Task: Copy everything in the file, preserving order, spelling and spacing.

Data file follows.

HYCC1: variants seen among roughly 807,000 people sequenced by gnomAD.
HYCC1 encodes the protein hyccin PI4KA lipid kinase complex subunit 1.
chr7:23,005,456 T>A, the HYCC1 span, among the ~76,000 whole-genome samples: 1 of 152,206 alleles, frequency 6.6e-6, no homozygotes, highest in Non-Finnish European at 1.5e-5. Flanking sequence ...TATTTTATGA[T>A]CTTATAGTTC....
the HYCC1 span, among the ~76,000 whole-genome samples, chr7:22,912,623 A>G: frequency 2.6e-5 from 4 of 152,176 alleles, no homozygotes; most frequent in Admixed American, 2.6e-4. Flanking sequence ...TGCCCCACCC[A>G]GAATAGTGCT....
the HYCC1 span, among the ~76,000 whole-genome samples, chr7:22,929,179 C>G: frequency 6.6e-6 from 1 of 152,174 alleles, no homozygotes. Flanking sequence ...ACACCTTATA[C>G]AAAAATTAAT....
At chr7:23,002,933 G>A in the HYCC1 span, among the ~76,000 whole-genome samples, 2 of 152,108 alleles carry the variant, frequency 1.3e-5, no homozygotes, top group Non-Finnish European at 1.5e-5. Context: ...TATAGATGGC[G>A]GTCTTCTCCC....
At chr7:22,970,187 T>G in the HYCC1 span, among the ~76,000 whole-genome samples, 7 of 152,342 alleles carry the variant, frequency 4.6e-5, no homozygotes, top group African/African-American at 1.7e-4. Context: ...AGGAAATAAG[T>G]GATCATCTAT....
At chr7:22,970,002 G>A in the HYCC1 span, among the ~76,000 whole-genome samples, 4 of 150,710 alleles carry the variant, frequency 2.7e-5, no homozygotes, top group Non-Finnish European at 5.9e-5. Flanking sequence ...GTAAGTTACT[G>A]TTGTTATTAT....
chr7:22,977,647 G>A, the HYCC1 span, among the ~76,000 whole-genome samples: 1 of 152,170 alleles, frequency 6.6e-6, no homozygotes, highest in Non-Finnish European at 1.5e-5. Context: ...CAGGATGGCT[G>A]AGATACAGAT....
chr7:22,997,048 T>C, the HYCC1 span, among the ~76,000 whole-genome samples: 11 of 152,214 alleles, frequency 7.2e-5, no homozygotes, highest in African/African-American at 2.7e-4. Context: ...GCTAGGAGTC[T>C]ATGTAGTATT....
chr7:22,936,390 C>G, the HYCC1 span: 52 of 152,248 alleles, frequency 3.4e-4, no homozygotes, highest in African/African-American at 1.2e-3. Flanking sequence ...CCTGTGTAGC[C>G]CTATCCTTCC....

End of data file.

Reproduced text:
HYCC1: variants seen among roughly 807,000 people sequenced by gnomAD.
HYCC1 encodes the protein hyccin PI4KA lipid kinase complex subunit 1.
chr7:23,005,456 T>A, the HYCC1 span, among the ~76,000 whole-genome samples: 1 of 152,206 alleles, frequency 6.6e-6, no homozygotes, highest in Non-Finnish European at 1.5e-5. Flanking sequence ...TATTTTATGA[T>A]CTTATAGTTC....
the HYCC1 span, among the ~76,000 whole-genome samples, chr7:22,912,623 A>G: frequency 2.6e-5 from 4 of 152,176 alleles, no homozygotes; most frequent in Admixed American, 2.6e-4. Flanking sequence ...TGCCCCACCC[A>G]GAATAGTGCT....
the HYCC1 span, among the ~76,000 whole-genome samples, chr7:22,929,179 C>G: frequency 6.6e-6 from 1 of 152,174 alleles, no homozygotes. Flanking sequence ...ACACCTTATA[C>G]AAAAATTAAT....
At chr7:23,002,933 G>A in the HYCC1 span, among the ~76,000 whole-genome samples, 2 of 152,108 alleles carry the variant, frequency 1.3e-5, no homozygotes, top group Non-Finnish European at 1.5e-5. Context: ...TATAGATGGC[G>A]GTCTTCTCCC....
At chr7:22,970,187 T>G in the HYCC1 span, among the ~76,000 whole-genome samples, 7 of 152,342 alleles carry the variant, frequency 4.6e-5, no homozygotes, top group African/African-American at 1.7e-4. Context: ...AGGAAATAAG[T>G]GATCATCTAT....
At chr7:22,970,002 G>A in the HYCC1 span, among the ~76,000 whole-genome samples, 4 of 150,710 alleles carry the variant, frequency 2.7e-5, no homozygotes, top group Non-Finnish European at 5.9e-5. Flanking sequence ...GTAAGTTACT[G>A]TTGTTATTAT....
chr7:22,977,647 G>A, the HYCC1 span, among the ~76,000 whole-genome samples: 1 of 152,170 alleles, frequency 6.6e-6, no homozygotes, highest in Non-Finnish European at 1.5e-5. Context: ...CAGGATGGCT[G>A]AGATACAGAT....
chr7:22,997,048 T>C, the HYCC1 span, among the ~76,000 whole-genome samples: 11 of 152,214 alleles, frequency 7.2e-5, no homozygotes, highest in African/African-American at 2.7e-4. Context: ...GCTAGGAGTC[T>C]ATGTAGTATT....
chr7:22,936,390 C>G, the HYCC1 span: 52 of 152,248 alleles, frequency 3.4e-4, no homozygotes, highest in African/African-American at 1.2e-3. Flanking sequence ...CCTGTGTAGC[C>G]CTATCCTTCC....